sound more like something out of science fiction than real life but apparently watermelons are exploding in China. The cause has been put down to the overuse of a chemical designed to increase the growth rate of the watermelons.
I am waiting for my father to read the same article in the paper and for him then to repeat his demand that I do not buy food which is sourced from China. He has been to China and seen for himself how food is grown there.
I have another friend who went to teach at the university in Kunming. The university there trains medical students. Knowing something about nutrition would seem a necessity but she found the students were being fed on a diet of rice, cabbage and fish from the local lake. Other vegetables appeared in small quantities. She ate the fish until she realised that raw sewage was flowing into the lake in which the fish were caught. There was very little she could do about the vegetables or the rice but she was aware that the way in which they were grown left much to be desired by our standards.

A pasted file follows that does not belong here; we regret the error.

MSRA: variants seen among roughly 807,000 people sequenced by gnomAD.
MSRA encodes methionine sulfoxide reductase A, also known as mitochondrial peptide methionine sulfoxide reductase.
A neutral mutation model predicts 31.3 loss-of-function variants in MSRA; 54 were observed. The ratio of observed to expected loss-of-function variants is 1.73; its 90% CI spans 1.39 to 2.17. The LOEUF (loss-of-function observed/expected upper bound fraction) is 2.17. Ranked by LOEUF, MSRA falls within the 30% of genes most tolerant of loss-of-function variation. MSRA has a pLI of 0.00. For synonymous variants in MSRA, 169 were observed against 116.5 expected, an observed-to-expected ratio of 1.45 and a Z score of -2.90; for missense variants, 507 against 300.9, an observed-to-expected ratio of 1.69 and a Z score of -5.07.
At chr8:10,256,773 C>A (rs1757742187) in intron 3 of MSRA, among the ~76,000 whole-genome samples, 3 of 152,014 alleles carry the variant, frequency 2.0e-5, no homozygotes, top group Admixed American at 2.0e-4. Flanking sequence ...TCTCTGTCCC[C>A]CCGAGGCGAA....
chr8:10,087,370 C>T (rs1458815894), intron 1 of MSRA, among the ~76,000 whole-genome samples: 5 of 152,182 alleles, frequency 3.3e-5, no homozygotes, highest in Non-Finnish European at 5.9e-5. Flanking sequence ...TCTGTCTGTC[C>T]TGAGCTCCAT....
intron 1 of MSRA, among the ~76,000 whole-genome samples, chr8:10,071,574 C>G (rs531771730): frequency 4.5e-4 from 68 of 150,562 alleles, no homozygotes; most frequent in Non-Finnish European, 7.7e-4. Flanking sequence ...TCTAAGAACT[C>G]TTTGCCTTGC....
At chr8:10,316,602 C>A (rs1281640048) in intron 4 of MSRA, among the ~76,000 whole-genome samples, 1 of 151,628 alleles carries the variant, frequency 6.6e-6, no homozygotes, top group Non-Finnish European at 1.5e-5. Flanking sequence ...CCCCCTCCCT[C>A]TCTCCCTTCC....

China has since had the infamous "melamine in milk" episode and other cases of poisoning arising directly out of food production rather than food preparation. Corruption may be part of the problem but another part of the problem is the need to feed a vast population while also exporting the best of what they grow to the rest of the world. The best of what they grow however does not match the best of what we grow in Australia or what we could grow in Australia.
Although it is almost winter here my father still has pumpkin, shallots, lettuce, capsicum and other things growing. The fruit on the grapefruit tree is ripening although the cumquats are still very green. He has planted winter peas, spinach and broad beans.
Yesterday my father brought in a small container half-filled with what must surely be almost the last of our cherry tomatoes. The plants have been producing fruit since mid-January. Our water consumption is on the low side for two people.
Yes, it all takes time and thought but my father is still happy to give both - and there are no exploding watermelons.